Holocaust survivor Sam Rind spoke in the College Union Ballroom about his experience as a young boy during World War II on Wednesday Oct. 8 as part of the All-College Hour Speaker Series. Born in Krasnovrov, Poland––a small town of only 3,000 people––in 1937, Rind was born into a world on the verge of war. World War II started in Sept. 1939.
“The destruction of properties, homes and lives––mainly those of Jews––started when [Adolf] Hitler came to power in 1933,” Rind said. “German Jews did not believe that Hitler was going to hurt them because their fathers fought for Germany in World War I. Even if someone changed religion, in his eyes, they were a Jew if their ancestry was Jewish. Anyone born as a Jew, dies as a Jew.”
When Rind was a young boy, his large family split up into groups in order to ensure a greater chance of survival. Rind and his mother, father, aunt, uncle, their three daughters and baby brother spent a long time being trucked from one Ukrainian camp to the other. In these camps, they were forced to perform manual labor.
Adults and children alike would “dig graves for those who were dead, even those who were nearing death,” Rind said.
One of Rind’s cousins was killed because she was not digging a grave fast enough. Rind noted that although most camps were guided by the German Nazis, the camp he was at was run by Romanians.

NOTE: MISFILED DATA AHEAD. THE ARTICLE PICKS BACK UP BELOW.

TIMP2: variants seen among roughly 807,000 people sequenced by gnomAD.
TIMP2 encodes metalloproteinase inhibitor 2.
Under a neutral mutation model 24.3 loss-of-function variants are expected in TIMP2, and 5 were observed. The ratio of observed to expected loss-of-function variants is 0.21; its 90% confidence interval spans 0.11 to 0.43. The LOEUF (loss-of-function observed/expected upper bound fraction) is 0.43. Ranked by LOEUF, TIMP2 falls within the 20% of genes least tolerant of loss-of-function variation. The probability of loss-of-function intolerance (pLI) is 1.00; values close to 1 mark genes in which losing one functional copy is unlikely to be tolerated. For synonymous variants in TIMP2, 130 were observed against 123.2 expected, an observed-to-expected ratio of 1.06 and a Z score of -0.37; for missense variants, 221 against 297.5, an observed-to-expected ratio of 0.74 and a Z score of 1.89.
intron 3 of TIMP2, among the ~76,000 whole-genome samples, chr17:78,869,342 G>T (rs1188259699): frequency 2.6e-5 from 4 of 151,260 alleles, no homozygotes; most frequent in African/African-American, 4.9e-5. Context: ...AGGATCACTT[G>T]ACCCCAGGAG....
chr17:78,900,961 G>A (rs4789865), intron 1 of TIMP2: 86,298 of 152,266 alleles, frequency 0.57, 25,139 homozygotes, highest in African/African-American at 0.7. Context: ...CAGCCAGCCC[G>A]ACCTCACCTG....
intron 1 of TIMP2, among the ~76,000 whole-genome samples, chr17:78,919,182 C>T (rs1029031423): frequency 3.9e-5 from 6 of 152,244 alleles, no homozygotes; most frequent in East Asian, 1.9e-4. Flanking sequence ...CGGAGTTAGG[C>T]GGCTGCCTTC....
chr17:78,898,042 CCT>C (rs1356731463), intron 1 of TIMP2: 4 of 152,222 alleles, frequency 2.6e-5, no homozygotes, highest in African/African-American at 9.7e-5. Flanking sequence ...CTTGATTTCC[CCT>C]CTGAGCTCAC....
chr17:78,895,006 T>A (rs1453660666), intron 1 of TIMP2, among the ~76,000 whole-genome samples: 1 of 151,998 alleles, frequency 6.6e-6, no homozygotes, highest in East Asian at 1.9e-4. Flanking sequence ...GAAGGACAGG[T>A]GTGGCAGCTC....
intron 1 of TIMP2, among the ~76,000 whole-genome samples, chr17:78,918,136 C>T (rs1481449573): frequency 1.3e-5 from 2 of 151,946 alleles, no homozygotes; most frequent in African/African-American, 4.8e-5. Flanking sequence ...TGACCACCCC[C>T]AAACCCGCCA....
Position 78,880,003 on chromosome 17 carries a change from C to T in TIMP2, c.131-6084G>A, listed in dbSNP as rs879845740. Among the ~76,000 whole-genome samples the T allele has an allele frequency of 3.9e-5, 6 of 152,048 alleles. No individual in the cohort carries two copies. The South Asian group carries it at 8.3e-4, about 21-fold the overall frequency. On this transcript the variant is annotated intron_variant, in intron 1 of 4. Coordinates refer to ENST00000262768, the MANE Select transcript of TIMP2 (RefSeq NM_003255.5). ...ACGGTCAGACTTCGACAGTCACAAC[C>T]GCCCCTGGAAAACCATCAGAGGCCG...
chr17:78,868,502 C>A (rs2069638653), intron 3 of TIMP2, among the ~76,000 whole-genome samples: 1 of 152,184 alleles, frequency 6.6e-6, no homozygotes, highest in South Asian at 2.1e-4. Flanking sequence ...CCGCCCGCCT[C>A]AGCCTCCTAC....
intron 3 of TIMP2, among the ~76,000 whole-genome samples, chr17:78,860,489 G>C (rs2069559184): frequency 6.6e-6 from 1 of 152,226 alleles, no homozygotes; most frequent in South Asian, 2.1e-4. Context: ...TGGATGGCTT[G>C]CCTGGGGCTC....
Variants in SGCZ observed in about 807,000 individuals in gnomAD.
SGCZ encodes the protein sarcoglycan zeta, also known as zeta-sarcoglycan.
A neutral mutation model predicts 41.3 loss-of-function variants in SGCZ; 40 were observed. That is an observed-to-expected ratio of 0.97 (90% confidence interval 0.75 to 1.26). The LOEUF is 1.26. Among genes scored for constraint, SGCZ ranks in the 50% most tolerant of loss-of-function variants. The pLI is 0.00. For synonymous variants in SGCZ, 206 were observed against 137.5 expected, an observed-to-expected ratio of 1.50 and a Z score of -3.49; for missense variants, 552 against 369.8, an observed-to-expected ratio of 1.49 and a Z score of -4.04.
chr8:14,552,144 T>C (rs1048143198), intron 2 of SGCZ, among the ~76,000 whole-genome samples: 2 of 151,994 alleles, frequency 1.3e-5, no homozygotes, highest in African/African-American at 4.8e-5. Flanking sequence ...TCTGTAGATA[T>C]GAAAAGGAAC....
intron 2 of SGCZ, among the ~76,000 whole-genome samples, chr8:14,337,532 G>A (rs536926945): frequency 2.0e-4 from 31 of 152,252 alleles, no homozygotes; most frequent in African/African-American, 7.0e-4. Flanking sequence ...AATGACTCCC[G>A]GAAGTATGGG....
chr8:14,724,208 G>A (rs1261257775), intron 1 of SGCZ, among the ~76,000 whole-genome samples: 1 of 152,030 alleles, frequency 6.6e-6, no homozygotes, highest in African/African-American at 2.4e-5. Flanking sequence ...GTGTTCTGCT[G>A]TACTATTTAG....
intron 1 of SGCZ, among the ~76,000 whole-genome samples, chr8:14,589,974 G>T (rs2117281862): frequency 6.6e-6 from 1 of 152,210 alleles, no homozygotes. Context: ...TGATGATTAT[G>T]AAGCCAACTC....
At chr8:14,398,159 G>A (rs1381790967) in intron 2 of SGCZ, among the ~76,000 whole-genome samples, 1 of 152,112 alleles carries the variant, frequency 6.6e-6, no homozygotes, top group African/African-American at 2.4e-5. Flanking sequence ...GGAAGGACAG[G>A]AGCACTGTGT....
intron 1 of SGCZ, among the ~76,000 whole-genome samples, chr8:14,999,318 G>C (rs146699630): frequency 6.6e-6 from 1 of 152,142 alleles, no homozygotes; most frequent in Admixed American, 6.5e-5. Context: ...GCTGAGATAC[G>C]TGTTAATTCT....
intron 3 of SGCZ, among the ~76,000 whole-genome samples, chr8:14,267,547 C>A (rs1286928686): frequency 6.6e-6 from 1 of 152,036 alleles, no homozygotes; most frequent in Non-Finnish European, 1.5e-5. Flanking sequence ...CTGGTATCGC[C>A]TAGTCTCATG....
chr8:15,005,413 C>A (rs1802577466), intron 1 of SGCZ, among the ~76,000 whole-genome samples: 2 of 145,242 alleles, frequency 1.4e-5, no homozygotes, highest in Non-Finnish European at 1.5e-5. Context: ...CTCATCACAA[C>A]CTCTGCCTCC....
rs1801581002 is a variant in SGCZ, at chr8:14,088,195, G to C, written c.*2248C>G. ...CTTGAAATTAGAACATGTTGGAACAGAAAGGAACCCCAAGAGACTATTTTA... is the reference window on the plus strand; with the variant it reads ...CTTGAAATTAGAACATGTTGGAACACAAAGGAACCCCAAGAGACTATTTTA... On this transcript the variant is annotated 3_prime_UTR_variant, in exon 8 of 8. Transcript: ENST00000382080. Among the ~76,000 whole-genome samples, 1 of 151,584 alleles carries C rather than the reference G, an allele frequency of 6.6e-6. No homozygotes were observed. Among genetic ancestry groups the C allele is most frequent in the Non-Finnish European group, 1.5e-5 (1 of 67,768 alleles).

Rind felt the Romanians were worse than Germans. “They wanted to show the Germans that they could do the same thing they were doing, or better,” he said.
Rind explained how his father was forced to trade a 14-carat gold ring for one potato––food was scarce. The death of Rind’s father instilled a sense of responsibility in him along with a loss of innocence.
“You had a 5-year-old lose not only his father, but his childhood because he realized he now had to take care of his mother and his baby brother,” Rind said.
The theme of family was prevalent throughout his speech as he continued to describe the inhumane loss of his brother.
“I’ve seen so much death in front of my eyes at such a young age … I learned so much from taking care of my mother,” Rind said. “I learned how to be a human being from her. She taught me respect … A society without respect is doomed.”
Rind survived the Holocaust by fleeing to the Ukraine. He returned to Poland to join a commune, eventually deciding to move to the United States. He finally made it to the U.S. in 1960.
Throughout Rind’s speech, he stressed the notion that we have a chance to end unfair killing once and for all. He compared the Holocaust to the mass genocide that is currently occurring in Africa.
“There is genocide that goes on in Africa every day because the government does not do enough to stop it,” Rind said.
He encouraged the audience to do something about genocide as soon as possible.
“Learn to say ‘never again,” he said. “It’s very important. You want to grow up and say, ‘there is peace on this earth because of you.’”
He hopes that by speaking to people around the world, he can encourage them to bring about lasting, positive world change.
“I’m hoping that people like me are helping people like you,” Rind said.